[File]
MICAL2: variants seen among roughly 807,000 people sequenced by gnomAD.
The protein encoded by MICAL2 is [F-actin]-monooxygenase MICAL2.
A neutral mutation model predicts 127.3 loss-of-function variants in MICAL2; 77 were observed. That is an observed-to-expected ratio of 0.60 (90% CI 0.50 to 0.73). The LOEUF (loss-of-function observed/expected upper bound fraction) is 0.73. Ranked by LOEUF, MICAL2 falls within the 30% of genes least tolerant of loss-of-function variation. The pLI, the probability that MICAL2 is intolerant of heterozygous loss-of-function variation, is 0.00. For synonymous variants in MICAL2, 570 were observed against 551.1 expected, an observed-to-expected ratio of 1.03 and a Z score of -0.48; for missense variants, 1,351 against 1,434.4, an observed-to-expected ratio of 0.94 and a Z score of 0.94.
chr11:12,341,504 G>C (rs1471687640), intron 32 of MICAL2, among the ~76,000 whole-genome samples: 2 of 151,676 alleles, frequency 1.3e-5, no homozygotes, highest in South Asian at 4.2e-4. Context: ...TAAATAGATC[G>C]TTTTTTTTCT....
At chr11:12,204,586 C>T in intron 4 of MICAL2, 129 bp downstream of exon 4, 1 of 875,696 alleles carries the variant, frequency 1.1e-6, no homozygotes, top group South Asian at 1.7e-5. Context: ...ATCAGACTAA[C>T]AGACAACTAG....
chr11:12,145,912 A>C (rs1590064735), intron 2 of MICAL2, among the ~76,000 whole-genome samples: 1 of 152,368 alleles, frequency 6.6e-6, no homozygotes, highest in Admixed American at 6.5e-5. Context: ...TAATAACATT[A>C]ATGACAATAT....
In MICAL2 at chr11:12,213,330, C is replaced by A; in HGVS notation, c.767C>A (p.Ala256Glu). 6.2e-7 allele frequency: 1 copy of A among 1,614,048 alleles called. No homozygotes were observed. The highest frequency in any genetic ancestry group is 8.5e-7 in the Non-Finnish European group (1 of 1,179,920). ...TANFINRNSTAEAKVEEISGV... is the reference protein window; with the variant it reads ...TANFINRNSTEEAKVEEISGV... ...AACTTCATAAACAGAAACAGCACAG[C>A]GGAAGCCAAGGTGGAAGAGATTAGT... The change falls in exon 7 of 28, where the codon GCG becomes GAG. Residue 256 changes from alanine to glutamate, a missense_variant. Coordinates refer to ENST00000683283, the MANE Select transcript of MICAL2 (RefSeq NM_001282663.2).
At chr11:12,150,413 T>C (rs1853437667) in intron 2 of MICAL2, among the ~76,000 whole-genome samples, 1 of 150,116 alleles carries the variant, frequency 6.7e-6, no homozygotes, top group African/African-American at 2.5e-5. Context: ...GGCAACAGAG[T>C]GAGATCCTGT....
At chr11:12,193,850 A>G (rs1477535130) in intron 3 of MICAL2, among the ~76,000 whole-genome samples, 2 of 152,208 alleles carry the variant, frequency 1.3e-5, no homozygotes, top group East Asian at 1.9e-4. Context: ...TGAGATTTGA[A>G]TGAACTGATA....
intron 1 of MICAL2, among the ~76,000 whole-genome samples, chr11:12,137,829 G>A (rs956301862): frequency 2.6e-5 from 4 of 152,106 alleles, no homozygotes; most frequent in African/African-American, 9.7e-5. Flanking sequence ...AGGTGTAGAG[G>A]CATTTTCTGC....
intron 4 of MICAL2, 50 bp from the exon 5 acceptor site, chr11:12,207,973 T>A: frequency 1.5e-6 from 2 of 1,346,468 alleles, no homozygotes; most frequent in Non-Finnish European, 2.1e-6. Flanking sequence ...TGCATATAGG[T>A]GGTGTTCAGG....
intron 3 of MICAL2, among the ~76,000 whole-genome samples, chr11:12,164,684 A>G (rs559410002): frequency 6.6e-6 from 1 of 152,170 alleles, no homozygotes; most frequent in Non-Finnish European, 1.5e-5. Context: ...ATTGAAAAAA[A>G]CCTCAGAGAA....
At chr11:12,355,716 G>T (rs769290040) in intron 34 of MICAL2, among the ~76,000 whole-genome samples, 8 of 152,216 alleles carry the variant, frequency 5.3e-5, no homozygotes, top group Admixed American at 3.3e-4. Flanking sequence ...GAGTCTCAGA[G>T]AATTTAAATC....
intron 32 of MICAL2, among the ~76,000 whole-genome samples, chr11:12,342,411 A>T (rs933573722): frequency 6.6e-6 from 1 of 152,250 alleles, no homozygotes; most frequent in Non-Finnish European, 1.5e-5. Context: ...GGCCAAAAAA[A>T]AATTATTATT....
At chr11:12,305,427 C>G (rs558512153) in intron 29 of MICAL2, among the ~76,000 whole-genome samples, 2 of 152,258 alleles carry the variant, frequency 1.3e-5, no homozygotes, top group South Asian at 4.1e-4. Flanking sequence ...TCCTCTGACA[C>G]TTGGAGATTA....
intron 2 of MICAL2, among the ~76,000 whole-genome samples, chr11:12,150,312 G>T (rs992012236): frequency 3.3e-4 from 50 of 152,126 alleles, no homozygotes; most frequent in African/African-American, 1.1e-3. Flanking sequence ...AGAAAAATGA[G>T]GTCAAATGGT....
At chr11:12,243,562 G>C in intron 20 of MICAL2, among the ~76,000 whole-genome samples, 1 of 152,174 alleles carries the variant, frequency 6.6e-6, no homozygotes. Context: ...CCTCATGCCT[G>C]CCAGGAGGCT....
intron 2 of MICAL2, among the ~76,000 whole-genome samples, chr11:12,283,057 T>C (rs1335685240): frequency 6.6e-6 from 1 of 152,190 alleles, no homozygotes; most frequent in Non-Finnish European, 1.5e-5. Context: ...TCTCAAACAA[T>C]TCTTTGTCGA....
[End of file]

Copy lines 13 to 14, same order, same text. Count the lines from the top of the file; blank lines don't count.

At chr11:12,355,716 G>T (rs769290040) in intron 34 of MICAL2, among the ~76,000 whole-genome samples, 8 of 152,216 alleles carry the variant, frequency 5.3e-5, no homozygotes, top group Admixed American at 3.3e-4. Flanking sequence ...GAGTCTCAGA[G>T]AATTTAAATC....
intron 32 of MICAL2, among the ~76,000 whole-genome samples, chr11:12,342,411 A>T (rs933573722): frequency 6.6e-6 from 1 of 152,250 alleles, no homozygotes; most frequent in Non-Finnish European, 1.5e-5. Context: ...GGCCAAAAAA[A>T]AATTATTATT....